By William Watts, MarketWatch
This is an updated version of an article originally published on May 22.
The S&P 500 topped its 200-day moving average in early trade Tuesday, but history suggests the move might not be a green light for an extended rally.
A move above or below a 200-day moving average — a proxy for changes in an asset’s long-term trend — is always closely watched by traders, but the S&P 500’s long courtship with that key level, as it bounces back from its bear-market plunge, had become something of a fixation on Wall Street.
‘A breakout is not likely to come easily and we expect a dogfight here around the 200-day.’
Kevin Dempter, analyst at Renaissance Macro Research
The focus on the 200-day might be enhanced by the fact that the average stood Tuesday at 2,999.81, according to FactSet, just a whisker below a big round number.
Stocks opened with strong gains Tuesday as traders returned from the three-day Memorial Day weekend. The S&P /zigman2/quotes/210599714/realtime SPX +0.45% rose 60 points, or 2%, to 3,016, while the Dow Jones Industrial Average /zigman2/quotes/210598065/realtime DJIA +0.36% jumped over 600 points, or 2.6%.
“The fact that the S&P 500 is coming off a 35% rally and that this 200-DMA lines up with a nice even 3,000 number seemingly makes this area especially important,” said Kevin Dempter, analyst at Renaissance Macro Research, in a Friday note. “A breakout is not likely to come easily and we expect a dogfight here around the 200-day.”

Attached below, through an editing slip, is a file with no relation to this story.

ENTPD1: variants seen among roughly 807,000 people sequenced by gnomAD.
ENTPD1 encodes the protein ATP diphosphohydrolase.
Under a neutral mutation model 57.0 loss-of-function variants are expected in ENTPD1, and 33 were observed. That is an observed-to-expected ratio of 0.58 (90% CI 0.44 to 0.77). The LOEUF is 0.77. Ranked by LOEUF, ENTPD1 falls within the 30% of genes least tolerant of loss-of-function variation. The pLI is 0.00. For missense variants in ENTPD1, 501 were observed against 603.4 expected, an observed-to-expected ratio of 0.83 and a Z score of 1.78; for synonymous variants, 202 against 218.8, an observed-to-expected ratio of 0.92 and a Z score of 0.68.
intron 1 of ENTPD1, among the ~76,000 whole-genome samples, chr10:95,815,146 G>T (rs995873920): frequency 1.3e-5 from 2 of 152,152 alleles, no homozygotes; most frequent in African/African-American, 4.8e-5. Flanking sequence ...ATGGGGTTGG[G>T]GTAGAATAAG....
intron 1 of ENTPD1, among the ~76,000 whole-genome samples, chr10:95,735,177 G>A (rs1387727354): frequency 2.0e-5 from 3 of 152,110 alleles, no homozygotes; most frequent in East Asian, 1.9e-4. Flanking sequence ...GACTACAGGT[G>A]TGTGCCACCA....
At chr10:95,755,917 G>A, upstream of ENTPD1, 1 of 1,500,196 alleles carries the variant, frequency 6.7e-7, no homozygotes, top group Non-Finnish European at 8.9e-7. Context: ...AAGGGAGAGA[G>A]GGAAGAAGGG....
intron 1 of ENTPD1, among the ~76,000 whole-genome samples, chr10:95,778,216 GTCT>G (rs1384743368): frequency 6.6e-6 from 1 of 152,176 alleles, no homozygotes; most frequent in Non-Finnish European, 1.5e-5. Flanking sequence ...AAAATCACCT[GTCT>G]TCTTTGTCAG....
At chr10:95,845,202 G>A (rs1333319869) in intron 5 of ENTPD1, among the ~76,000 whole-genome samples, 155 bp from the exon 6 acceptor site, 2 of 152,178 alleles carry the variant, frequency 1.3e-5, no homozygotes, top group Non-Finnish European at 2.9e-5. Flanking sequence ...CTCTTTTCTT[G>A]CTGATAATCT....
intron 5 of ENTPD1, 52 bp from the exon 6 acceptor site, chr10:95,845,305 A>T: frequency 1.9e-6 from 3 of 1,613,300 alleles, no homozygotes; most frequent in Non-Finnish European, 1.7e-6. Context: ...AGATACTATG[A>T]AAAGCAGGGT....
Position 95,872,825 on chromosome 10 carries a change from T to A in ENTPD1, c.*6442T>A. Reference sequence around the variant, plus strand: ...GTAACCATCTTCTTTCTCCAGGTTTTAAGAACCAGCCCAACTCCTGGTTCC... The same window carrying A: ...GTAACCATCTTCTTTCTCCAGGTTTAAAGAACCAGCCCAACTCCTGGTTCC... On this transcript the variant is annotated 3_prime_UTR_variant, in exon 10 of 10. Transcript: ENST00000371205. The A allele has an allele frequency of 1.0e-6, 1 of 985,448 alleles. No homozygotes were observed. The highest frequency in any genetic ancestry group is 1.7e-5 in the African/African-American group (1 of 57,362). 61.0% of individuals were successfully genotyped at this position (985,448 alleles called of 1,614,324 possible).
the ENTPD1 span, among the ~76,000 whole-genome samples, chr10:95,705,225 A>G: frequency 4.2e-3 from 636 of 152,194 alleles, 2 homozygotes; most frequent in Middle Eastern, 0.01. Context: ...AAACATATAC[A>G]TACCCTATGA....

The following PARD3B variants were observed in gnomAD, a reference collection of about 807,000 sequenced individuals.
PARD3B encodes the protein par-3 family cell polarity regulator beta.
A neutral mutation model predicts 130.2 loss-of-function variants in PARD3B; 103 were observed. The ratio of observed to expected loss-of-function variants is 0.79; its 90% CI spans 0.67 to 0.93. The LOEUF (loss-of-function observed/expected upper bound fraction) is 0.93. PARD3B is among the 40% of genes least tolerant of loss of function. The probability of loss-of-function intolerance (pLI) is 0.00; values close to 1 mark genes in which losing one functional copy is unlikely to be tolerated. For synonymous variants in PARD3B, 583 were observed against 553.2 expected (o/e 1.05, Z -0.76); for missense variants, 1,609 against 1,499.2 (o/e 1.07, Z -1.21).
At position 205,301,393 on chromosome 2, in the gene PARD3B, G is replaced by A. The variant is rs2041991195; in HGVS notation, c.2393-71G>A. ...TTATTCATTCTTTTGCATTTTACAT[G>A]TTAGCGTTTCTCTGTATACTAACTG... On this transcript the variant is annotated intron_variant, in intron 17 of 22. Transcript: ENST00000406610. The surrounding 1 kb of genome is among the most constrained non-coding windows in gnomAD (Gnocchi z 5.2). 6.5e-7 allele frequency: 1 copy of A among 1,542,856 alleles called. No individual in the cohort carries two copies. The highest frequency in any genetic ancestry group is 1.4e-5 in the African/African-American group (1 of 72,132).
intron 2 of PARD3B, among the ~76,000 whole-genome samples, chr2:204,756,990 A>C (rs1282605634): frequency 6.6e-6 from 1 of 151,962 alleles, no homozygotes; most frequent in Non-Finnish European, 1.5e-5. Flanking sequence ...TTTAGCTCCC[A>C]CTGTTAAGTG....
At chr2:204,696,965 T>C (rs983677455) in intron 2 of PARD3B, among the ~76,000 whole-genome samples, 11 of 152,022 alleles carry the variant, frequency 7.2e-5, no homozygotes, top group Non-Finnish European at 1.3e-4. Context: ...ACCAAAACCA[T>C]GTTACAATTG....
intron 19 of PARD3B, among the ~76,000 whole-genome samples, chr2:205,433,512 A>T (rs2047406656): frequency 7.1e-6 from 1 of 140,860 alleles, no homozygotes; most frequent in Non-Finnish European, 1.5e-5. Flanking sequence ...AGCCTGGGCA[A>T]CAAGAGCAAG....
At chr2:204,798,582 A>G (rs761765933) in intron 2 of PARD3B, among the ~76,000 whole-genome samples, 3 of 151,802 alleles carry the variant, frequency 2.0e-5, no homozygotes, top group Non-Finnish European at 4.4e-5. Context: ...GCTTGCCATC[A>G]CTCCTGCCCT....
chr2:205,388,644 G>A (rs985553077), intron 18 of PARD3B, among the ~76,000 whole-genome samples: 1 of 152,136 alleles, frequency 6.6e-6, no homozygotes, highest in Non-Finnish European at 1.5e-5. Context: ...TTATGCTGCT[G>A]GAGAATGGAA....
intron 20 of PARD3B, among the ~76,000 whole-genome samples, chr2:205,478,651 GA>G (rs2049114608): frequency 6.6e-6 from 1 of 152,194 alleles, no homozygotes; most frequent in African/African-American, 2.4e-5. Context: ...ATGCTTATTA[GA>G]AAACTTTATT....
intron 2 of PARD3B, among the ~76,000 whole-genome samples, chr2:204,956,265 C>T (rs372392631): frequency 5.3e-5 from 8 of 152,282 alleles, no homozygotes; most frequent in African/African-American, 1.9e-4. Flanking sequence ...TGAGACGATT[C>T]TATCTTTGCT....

The S&P 500 closed at a record high on Feb. 19, then began a breakneck plunge as worries over the coronavirus outbreak began to grow. The selloff continued through March 23, with the large-cap benchmark ending around 34% below its all-time high. Since then, it’s bounced back sharply, ending Friday 12.7% below its high. But the 200-day moving average has looked more like a cap after the index first approached it around three weeks ago.
‘Trapped between time frames’
At the same time, it’s held above its 50-day moving average, a metric used by traders to gauge an asset’s short-term trend. In other words, stocks are “trapped between time frames” wrote Jason Goepfert, head of SentimenTrader and founder of independent investment research firm Sundial Capital Research, in a Friday note (see chart below). Through Friday’s close, the index had remained between the 50- and 200-day averages for 21 straight sessions.
Since 1928, there have been 29 streaks that have stretched to at least 20 days — and 21 of them ended with the S&P 500 falling below the 50-day average, while only eight ended with a push above the 200-day, he noted, making for a roughly 72% probability the index will break down.